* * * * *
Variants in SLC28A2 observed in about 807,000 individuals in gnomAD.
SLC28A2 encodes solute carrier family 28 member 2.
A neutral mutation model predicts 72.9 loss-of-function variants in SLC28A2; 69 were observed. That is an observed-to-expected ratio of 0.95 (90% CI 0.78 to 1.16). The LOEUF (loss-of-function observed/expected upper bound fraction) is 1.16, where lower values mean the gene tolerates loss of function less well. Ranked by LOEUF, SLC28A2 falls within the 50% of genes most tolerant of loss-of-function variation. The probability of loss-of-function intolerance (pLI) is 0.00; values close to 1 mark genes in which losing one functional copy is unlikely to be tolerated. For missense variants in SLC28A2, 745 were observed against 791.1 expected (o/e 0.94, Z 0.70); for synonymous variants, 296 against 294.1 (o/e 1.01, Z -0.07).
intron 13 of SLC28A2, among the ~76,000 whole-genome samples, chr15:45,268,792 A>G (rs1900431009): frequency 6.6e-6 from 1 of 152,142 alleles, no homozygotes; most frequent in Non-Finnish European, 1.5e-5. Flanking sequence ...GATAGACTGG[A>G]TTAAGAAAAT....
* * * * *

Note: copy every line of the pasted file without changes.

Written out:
Variants in SLC28A2 observed in about 807,000 individuals in gnomAD.
SLC28A2 encodes solute carrier family 28 member 2.
A neutral mutation model predicts 72.9 loss-of-function variants in SLC28A2; 69 were observed. That is an observed-to-expected ratio of 0.95 (90% CI 0.78 to 1.16). The LOEUF (loss-of-function observed/expected upper bound fraction) is 1.16, where lower values mean the gene tolerates loss of function less well. Ranked by LOEUF, SLC28A2 falls within the 50% of genes most tolerant of loss-of-function variation. The probability of loss-of-function intolerance (pLI) is 0.00; values close to 1 mark genes in which losing one functional copy is unlikely to be tolerated. For missense variants in SLC28A2, 745 were observed against 791.1 expected (o/e 0.94, Z 0.70); for synonymous variants, 296 against 294.1 (o/e 1.01, Z -0.07).
intron 13 of SLC28A2, among the ~76,000 whole-genome samples, chr15:45,268,792 A>G (rs1900431009): frequency 6.6e-6 from 1 of 152,142 alleles, no homozygotes; most frequent in Non-Finnish European, 1.5e-5. Flanking sequence ...GATAGACTGG[A>G]TTAAGAAAAT....